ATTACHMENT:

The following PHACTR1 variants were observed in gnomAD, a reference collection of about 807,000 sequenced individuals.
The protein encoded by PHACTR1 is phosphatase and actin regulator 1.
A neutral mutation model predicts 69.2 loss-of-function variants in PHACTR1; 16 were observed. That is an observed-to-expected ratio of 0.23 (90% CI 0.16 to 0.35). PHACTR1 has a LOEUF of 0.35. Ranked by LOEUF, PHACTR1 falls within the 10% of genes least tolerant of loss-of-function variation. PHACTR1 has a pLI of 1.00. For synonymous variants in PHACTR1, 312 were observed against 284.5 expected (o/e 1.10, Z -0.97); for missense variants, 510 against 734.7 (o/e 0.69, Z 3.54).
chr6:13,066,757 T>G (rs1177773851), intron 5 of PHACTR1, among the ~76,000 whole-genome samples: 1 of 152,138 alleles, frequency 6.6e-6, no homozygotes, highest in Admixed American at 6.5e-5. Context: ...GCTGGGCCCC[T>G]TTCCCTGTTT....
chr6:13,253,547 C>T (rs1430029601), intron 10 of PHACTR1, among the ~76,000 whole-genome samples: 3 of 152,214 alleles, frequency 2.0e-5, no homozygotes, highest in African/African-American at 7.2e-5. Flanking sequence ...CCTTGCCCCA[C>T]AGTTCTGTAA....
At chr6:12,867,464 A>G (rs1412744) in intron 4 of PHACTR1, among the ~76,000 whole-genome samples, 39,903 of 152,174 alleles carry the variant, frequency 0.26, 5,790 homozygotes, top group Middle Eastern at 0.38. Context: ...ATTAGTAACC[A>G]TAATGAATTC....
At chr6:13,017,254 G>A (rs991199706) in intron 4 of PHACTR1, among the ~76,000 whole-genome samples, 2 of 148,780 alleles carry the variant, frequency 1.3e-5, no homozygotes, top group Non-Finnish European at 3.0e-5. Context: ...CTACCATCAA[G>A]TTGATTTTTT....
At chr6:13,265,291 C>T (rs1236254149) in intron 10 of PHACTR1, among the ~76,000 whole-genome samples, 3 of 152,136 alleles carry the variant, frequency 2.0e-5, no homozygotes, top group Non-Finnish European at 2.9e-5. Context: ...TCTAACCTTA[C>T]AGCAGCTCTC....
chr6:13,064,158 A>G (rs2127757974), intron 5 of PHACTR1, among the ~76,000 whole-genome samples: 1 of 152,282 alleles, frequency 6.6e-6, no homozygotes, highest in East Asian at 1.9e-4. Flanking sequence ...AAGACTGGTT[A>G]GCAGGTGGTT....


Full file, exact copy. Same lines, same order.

The following PHACTR1 variants were observed in gnomAD, a reference collection of about 807,000 sequenced individuals.
The protein encoded by PHACTR1 is phosphatase and actin regulator 1.
A neutral mutation model predicts 69.2 loss-of-function variants in PHACTR1; 16 were observed. That is an observed-to-expected ratio of 0.23 (90% CI 0.16 to 0.35). PHACTR1 has a LOEUF of 0.35. Ranked by LOEUF, PHACTR1 falls within the 10% of genes least tolerant of loss-of-function variation. PHACTR1 has a pLI of 1.00. For synonymous variants in PHACTR1, 312 were observed against 284.5 expected (o/e 1.10, Z -0.97); for missense variants, 510 against 734.7 (o/e 0.69, Z 3.54).
chr6:13,066,757 T>G (rs1177773851), intron 5 of PHACTR1, among the ~76,000 whole-genome samples: 1 of 152,138 alleles, frequency 6.6e-6, no homozygotes, highest in Admixed American at 6.5e-5. Context: ...GCTGGGCCCC[T>G]TTCCCTGTTT....
chr6:13,253,547 C>T (rs1430029601), intron 10 of PHACTR1, among the ~76,000 whole-genome samples: 3 of 152,214 alleles, frequency 2.0e-5, no homozygotes, highest in African/African-American at 7.2e-5. Flanking sequence ...CCTTGCCCCA[C>T]AGTTCTGTAA....
At chr6:12,867,464 A>G (rs1412744) in intron 4 of PHACTR1, among the ~76,000 whole-genome samples, 39,903 of 152,174 alleles carry the variant, frequency 0.26, 5,790 homozygotes, top group Middle Eastern at 0.38. Context: ...ATTAGTAACC[A>G]TAATGAATTC....
At chr6:13,017,254 G>A (rs991199706) in intron 4 of PHACTR1, among the ~76,000 whole-genome samples, 2 of 148,780 alleles carry the variant, frequency 1.3e-5, no homozygotes, top group Non-Finnish European at 3.0e-5. Context: ...CTACCATCAA[G>A]TTGATTTTTT....
At chr6:13,265,291 C>T (rs1236254149) in intron 10 of PHACTR1, among the ~76,000 whole-genome samples, 3 of 152,136 alleles carry the variant, frequency 2.0e-5, no homozygotes, top group Non-Finnish European at 2.9e-5. Context: ...TCTAACCTTA[C>T]AGCAGCTCTC....
chr6:13,064,158 A>G (rs2127757974), intron 5 of PHACTR1, among the ~76,000 whole-genome samples: 1 of 152,282 alleles, frequency 6.6e-6, no homozygotes, highest in East Asian at 1.9e-4. Flanking sequence ...AAGACTGGTT[A>G]GCAGGTGGTT....